Apples baked in cider somehow taste more of themselves. It goes without saying that this is comfort food, easy to put together and pop in the oven just as soon as dinner is underway. If possible, use cider from a farm stand or farmer’s market—it has a deeper, more concentrated flavor than the grocery store brands, which wash out in comparison. The comfort extends to those times when you are not eating dessert for self-improvement purposes, but want something just a little sweet. These won’t do much damage. You can even omit the sugar if you want to feel pure. - Sally —Sally
Test Kitchen Notes
This dead-simple recipe should be in your back pocket all through apple season. Once you reduce some cider and core a few apples it's virtually hands off, and the results can be anything you want them to be. You can eat the sweet, mellowed apples bare -- a more virtuous cousin of the apple pie -- to restore you when you're feeling cold and low. Or you can dress them up with creme fraiche or ice cream, to celebrate the season. Note: We used Galas and found them to be perfect -- for a primer on the best apples for baking, go here. Feel free to omit the butter to make this dessert parve. —The Editors
firm cooking apples, like Braeburn, Gala, Fuji or Granny Smith
unsalted butter (optional)
In This Recipe
Heat the oven to 375° F.
Pour the cider into a small skillet and bring it to a boil. Continue to boil over medium heat until the liquid reduces by slightly less than half. It should be vaguely syrupy, but it will not be too thick. It will take less time in a skillet than in a saucepan because there is more surface evaporation. Either way, don’t just walk off to another room and leave it—you might set off your smoke alarm if you forget it. I speak from experience.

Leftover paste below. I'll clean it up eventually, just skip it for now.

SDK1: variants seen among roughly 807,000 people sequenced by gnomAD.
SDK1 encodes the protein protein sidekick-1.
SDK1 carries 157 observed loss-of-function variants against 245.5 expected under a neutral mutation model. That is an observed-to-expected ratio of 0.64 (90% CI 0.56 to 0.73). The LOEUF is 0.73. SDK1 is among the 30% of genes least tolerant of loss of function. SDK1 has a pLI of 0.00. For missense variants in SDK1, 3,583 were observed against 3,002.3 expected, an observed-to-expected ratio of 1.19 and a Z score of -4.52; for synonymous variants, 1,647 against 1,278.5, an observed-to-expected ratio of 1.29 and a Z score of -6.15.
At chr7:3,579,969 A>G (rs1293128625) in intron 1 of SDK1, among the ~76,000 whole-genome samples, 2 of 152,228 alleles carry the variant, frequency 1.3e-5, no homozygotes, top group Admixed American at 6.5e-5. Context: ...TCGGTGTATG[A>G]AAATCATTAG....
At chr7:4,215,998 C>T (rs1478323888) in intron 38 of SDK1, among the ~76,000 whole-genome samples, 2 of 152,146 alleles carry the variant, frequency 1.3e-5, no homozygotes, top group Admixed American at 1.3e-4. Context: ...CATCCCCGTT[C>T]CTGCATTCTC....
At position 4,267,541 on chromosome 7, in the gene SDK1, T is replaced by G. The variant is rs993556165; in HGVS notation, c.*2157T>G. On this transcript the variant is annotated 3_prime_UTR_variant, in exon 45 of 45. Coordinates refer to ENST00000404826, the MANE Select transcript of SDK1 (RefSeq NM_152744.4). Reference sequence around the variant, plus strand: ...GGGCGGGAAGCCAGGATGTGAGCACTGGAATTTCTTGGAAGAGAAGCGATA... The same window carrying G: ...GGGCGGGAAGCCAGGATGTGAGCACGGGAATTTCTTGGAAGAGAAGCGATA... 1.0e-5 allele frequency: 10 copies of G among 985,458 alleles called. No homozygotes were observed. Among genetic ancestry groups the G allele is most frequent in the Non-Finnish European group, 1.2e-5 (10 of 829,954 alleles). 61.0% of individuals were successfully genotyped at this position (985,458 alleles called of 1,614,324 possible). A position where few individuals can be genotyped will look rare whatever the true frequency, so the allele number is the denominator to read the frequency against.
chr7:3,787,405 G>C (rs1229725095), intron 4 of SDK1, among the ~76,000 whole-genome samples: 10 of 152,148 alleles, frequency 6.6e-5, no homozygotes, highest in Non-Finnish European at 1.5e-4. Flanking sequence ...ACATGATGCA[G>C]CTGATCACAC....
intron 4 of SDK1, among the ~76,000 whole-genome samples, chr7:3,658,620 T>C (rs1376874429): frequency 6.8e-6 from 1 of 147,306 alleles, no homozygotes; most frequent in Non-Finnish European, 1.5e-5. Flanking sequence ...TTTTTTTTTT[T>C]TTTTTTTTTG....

While the cider is reducing, peel the skin from the top third of each apple. Use a melon baller to dig out the apple core, leaving about 1/3-inch of the apple intact at the bottom. Place the apples in a pie pan or baking dish.
Stir the cinnamon, butter and brown sugar into the cider syrup. Pour it into the apple cavities, allowing it to overflow into the baking dish. Bake the apples for 40 to 50 minutes, until they are pleasantly soft but not collapsing. Baste the apples occasionally in the cider syrup if you happen to think of it, and add more cider if the liquid starts to dry out completely. The exact cooking time depends on the variety and size of the apples—some take longer than others.
Serve the apples warm in dessert bowls with the extra syrup spooned over them. If you want to dress them up, drizzle them with some heavy cream, or add a scoop of vanilla ice cream. Custard sauce would be even better if you’re feeling ambitious. If any apples are leftover, warm them up for breakfast and eat with yogurt.
I am a home cook,author of a couple of cookbooks and mother. I write for the Boston Globe from time to time. My "kid" just left for college and comes home for cooking lessons. Too bad he was completely uninterested in the process (except when he was little and gingerbread was involved) until now. Without Mom to cook, he's very, very hungry. But it's fun to keep bonding over the stove.
I blog about food and life at www.sallypasleyvargas.com